“It is now widely recognized that resilience of communities and systems should be the goal rather than just preparedness,” the authors wrote in the report. “Resilient communities seek to resist the impact of disasters, recover promptly to normal operational capacity, and learn how better to withstand future events.”
The report concludes with policy requirements for each of these recommendations. There is opportunity for some of the requirements to be incorporated into the Pandemic and All-Hazards Preparedness Act reauthorization this year.
"There needs to be more focus at the federal level, particularly on catastrophic health events," Toner said to an audience of more than 40 people in the health security policy community in attendance at the Press Club.
Guest speakers at the event included Luciana Borio, MD, director of global health security and biological threats for the White House National Security Council; Sally Phillips, PhD, deputy assistant secretary for policy in the Office of the Assistant Secretary for Preparedness and Response at the US Department of Health and Human Services; and Linda Langston, director of strategic relations at the National Association of Counties.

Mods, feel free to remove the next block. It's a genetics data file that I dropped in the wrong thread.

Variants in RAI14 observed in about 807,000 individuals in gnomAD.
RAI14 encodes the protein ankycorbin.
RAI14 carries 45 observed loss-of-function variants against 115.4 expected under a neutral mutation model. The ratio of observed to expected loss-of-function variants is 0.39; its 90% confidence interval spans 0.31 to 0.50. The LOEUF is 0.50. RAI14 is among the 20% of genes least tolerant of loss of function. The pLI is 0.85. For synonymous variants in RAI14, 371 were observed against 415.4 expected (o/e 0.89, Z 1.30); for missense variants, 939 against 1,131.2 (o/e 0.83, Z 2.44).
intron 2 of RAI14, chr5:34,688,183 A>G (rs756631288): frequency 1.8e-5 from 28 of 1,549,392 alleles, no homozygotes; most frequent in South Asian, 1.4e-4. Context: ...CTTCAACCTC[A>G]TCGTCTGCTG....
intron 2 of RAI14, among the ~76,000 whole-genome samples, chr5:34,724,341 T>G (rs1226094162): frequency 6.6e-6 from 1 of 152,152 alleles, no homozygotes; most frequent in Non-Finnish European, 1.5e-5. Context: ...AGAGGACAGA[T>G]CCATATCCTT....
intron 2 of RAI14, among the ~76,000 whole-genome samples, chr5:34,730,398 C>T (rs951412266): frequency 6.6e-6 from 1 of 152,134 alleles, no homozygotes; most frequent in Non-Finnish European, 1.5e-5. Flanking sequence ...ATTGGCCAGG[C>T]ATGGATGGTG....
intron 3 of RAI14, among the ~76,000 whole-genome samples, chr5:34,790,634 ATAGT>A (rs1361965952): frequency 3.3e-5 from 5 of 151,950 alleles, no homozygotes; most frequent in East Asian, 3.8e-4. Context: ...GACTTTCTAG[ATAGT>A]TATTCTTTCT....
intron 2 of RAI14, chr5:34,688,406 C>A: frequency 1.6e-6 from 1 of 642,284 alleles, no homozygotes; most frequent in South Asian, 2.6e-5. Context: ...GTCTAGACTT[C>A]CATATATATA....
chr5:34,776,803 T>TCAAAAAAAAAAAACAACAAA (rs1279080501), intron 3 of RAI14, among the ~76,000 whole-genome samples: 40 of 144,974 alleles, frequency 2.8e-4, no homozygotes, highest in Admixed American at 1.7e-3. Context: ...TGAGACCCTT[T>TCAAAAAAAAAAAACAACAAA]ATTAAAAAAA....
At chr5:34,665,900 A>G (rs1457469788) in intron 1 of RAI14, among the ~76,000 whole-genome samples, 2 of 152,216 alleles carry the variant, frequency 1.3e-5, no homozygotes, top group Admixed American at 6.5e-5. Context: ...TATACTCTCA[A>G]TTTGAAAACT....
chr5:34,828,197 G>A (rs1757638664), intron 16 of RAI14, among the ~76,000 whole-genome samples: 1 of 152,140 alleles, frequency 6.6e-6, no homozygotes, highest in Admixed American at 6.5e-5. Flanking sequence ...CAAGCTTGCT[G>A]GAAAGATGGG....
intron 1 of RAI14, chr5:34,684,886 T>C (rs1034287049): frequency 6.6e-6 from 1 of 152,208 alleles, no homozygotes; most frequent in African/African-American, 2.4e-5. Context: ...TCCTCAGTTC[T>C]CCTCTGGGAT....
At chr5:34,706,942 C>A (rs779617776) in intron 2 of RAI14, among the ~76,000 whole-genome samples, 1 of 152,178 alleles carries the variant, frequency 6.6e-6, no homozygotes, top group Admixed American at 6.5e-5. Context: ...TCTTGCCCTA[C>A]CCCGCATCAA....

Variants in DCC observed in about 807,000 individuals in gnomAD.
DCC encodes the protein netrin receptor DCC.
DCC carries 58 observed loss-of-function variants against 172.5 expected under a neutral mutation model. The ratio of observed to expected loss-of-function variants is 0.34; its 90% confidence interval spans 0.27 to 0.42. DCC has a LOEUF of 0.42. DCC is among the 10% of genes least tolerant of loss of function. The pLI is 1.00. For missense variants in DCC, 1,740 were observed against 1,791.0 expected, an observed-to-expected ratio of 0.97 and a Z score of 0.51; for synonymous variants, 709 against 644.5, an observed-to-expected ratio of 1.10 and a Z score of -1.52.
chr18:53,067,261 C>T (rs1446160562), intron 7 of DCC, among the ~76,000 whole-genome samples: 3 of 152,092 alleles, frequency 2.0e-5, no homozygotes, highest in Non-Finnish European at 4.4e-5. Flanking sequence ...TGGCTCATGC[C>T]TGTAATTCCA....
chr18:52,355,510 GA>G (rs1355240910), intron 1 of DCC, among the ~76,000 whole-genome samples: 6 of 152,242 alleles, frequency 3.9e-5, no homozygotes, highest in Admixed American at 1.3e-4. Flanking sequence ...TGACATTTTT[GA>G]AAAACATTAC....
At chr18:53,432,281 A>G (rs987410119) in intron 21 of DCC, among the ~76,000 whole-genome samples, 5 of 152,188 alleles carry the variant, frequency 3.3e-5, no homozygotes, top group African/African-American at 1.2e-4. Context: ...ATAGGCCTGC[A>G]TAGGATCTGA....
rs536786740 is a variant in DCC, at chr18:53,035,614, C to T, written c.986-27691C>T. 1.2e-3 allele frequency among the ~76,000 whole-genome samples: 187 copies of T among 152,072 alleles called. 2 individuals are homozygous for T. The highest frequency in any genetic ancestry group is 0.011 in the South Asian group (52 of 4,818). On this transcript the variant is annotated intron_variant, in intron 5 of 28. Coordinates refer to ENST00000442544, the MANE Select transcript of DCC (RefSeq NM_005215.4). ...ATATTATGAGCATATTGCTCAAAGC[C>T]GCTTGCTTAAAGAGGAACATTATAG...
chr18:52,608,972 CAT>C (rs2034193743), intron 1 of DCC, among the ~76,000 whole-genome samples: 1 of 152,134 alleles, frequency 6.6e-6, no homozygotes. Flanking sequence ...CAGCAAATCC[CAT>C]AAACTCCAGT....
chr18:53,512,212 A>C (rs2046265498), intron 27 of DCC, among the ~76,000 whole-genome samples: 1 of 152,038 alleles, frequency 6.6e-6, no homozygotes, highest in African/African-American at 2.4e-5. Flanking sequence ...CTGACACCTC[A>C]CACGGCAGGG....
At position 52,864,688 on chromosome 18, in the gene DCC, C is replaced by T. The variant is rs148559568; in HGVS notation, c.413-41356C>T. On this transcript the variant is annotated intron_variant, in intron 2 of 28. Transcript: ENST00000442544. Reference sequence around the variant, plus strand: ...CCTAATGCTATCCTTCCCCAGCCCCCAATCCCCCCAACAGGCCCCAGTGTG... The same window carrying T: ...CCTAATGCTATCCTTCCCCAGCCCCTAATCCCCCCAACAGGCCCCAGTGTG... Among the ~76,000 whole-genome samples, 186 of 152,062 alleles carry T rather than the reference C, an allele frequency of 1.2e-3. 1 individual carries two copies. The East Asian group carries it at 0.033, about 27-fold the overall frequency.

To inform their work, the project team reviewed five years of published literature and conducted a series of working group meetings, a focus group, and interviews with more than 40 subject matter experts and thought leaders.
This project was funded by the Robert Wood Johnson Foundation.
About the Johns Hopkins Center for Health Security:
The Johns Hopkins Center for Health Security works to protect people from epidemics and disasters and build resilient communities through innovative scholarship, engagement, and research that strengthens the organizations, systems, policies, and programs essential to preventing and responding to public health crises. The Center is part of the Johns Hopkins Bloomberg School of Public Health and is located in Baltimore, MD.